Helen M. BlauMA, PhD
Dr. Helen Blau received her B.A. from the University of York in England and her M.A. and Ph.D. from Harvard University. She is currently the Donald E. and Delia B. Baxter Professor and Director of the Baxter Laboratory for Stem Cell Biology in the Microbiology and Immunology Department and the Stanford Institute for Stem Cell Biology and Regenerative Medicine in the Stanford University School of Medicine, Stanford, California. Dr. Blau served on the Ellison Medical Foundation Scientific Advisory Board and the Harvard Board of Overseers and is an elected member of the American Academy of Arts and Sciences, the National Academy of Medicine, the National Academy of Sciences, and a fellow of the American Association for the Advancement of Science.
Selected awards and honors include the Senior Career Recognition Award of WICB of the American Society of Cell Biology; the FASEB Excellence in Science Award; an Honorary Doctorate from the University of Nijmegen, Holland; a Nobel Forum Lecture at the Karolinska Institute in Stockholm, a Rolf-Sammet Fonds Visiting Professorship at the University of Frankfurt, an invitation to give a plenary talk at the 400th Pontifical Academy at the Vatican and an audience with Pope John Paul II, a Fulbright Senior Specialist awards to study and teach at the Institut Pasteur and at the Institut Curie in Paris, the AACR-Irving Weinstein Foundation Distinguished Lectureship for innovative science, and membership in the Stanford Inventor Hall of Fame.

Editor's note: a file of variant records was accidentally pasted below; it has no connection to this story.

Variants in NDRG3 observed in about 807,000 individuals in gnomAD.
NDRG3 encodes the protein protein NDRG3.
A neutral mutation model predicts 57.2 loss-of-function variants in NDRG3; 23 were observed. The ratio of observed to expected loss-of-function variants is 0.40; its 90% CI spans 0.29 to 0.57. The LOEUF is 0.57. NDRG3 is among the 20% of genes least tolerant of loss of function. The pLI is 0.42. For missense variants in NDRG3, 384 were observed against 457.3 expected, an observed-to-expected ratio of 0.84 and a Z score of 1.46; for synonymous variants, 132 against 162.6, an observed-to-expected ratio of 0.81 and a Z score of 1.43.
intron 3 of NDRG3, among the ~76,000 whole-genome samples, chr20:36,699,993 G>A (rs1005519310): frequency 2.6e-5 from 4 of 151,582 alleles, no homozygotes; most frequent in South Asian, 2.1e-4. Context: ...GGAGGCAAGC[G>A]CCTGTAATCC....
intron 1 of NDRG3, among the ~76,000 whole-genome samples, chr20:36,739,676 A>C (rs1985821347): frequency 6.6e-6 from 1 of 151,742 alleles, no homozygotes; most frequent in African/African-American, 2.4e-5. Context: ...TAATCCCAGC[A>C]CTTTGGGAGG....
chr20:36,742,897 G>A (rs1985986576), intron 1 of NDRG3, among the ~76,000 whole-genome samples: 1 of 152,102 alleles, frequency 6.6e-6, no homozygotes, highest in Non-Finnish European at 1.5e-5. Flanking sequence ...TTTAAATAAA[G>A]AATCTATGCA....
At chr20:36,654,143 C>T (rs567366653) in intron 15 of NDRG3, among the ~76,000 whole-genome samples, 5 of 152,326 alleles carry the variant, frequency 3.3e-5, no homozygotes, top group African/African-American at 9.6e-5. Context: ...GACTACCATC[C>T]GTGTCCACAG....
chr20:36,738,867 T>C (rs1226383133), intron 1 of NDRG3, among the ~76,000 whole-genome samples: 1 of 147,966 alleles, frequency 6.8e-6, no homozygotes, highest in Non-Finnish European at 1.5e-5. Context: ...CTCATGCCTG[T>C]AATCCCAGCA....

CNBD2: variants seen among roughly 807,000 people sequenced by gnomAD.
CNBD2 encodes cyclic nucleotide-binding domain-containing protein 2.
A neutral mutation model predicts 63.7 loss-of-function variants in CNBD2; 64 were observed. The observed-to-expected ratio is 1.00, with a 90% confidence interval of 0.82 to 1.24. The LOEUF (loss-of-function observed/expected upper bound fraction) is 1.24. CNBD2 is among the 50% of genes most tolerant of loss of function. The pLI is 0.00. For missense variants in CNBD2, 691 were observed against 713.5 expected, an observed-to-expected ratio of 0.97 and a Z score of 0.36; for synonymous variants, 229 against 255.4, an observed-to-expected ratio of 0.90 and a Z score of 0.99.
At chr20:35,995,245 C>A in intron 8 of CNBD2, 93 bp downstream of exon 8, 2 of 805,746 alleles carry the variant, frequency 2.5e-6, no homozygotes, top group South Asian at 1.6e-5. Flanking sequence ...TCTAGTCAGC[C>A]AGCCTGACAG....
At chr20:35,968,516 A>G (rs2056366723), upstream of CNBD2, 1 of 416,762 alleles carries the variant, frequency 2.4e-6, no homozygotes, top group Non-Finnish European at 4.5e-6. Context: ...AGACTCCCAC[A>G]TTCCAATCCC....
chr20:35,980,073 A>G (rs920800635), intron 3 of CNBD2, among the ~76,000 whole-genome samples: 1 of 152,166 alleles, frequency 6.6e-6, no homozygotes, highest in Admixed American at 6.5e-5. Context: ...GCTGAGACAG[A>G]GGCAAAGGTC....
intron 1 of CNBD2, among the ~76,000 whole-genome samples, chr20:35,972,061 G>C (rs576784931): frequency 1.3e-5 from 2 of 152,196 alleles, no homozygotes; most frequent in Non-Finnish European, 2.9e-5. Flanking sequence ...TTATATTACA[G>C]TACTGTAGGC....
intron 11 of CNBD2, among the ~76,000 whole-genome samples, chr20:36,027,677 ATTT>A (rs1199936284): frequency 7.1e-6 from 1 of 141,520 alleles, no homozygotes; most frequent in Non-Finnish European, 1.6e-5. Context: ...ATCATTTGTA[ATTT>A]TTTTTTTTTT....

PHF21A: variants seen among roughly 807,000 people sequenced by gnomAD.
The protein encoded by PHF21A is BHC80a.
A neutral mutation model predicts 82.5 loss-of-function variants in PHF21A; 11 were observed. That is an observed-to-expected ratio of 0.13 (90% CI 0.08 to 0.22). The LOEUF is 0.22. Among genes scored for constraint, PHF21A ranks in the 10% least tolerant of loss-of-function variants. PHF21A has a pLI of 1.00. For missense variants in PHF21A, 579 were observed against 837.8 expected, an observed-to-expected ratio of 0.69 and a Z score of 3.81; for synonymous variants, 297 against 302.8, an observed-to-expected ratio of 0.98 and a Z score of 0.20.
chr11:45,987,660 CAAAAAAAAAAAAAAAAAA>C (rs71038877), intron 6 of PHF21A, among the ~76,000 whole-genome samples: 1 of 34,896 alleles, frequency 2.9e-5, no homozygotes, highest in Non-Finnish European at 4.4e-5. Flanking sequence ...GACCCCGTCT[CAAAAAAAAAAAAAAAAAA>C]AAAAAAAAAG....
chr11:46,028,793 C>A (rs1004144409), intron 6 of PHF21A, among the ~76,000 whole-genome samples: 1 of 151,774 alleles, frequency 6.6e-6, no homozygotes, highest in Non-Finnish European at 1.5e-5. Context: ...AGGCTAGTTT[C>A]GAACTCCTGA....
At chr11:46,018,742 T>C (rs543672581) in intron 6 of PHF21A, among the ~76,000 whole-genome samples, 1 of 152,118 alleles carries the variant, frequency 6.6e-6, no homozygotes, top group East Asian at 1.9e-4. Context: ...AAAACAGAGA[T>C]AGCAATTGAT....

Blau's research area is regenerative medicine with a focus on stem cells. She is world-renowned for her work on nuclear reprogramming and the demonstration of the plasticity of cell fate using cell fusion. These studies provided the scientific underpinnings for mammalian cloning and induced pluripotent stem cells. Blau also led the field with novel approaches to treating muscle damaged due to disease, injury, or aging. Her lab pioneered the design of biomaterials to mimic key features of the in vivo microenvironment or niche, and direct stem cell fate.